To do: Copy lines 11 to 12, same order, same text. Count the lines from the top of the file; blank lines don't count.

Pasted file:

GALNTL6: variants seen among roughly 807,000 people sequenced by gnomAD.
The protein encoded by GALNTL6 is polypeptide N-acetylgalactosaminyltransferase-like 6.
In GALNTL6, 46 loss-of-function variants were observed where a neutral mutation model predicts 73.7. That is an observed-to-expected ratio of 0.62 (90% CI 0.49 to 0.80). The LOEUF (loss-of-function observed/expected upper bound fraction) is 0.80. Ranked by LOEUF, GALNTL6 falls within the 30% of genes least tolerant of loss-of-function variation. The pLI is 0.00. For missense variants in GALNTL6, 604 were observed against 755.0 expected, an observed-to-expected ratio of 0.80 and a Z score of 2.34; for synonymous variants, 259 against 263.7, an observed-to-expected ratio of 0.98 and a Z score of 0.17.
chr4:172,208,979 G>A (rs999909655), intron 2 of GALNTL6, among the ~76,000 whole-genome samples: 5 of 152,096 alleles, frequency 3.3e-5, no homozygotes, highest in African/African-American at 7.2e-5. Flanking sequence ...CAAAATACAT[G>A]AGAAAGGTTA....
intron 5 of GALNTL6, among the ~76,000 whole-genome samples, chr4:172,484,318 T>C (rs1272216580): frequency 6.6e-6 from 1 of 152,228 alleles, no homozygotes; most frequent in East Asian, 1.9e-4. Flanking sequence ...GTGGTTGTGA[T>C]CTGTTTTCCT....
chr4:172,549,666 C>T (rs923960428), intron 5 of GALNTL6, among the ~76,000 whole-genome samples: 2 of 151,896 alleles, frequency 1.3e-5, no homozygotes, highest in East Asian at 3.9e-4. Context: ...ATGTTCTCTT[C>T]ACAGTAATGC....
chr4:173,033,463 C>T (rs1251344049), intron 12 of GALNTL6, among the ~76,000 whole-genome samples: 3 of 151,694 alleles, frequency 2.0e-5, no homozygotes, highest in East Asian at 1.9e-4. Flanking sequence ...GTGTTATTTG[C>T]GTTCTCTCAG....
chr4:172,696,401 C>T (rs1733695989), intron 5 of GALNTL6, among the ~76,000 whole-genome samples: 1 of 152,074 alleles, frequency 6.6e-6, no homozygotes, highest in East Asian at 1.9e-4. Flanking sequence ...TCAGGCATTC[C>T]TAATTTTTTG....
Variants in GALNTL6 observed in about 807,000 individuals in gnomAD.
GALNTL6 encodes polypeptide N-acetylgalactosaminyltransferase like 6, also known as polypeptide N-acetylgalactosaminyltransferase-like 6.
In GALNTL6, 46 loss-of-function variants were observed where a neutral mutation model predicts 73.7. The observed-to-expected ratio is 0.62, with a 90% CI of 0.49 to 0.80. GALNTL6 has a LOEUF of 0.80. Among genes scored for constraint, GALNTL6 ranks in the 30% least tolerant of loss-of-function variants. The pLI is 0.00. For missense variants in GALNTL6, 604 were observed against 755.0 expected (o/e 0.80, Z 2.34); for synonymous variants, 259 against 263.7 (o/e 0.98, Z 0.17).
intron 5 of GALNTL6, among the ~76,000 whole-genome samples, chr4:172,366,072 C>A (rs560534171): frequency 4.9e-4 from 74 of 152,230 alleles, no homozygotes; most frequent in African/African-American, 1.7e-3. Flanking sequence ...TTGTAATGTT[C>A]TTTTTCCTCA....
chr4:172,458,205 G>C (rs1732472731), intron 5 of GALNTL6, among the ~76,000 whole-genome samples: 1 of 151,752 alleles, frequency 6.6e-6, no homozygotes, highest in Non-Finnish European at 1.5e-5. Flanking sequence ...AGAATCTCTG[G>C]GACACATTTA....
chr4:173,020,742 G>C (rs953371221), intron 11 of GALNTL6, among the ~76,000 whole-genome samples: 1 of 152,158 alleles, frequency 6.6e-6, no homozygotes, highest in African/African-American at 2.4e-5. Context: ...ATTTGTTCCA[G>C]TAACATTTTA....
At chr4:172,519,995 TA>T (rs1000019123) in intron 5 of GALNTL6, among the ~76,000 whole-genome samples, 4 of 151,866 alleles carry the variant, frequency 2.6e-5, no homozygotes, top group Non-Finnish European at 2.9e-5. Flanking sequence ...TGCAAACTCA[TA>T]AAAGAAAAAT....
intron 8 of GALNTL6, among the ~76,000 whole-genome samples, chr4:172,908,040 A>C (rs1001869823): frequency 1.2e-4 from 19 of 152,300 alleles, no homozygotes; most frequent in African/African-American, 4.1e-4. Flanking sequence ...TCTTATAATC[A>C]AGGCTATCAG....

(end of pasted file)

In GALNTL6, 46 loss-of-function variants were observed where a neutral mutation model predicts 73.7. The observed-to-expected ratio is 0.62, with a 90% CI of 0.49 to 0.80. GALNTL6 has a LOEUF of 0.80. Among genes scored for constraint, GALNTL6 ranks in the 30% least tolerant of loss-of-function variants. The pLI is 0.00. For missense variants in GALNTL6, 604 were observed against 755.0 expected (o/e 0.80, Z 2.34); for synonymous variants, 259 against 263.7 (o/e 0.98, Z 0.17).
intron 5 of GALNTL6, among the ~76,000 whole-genome samples, chr4:172,366,072 C>A (rs560534171): frequency 4.9e-4 from 74 of 152,230 alleles, no homozygotes; most frequent in African/African-American, 1.7e-3. Flanking sequence ...TTGTAATGTT[C>A]TTTTTCCTCA....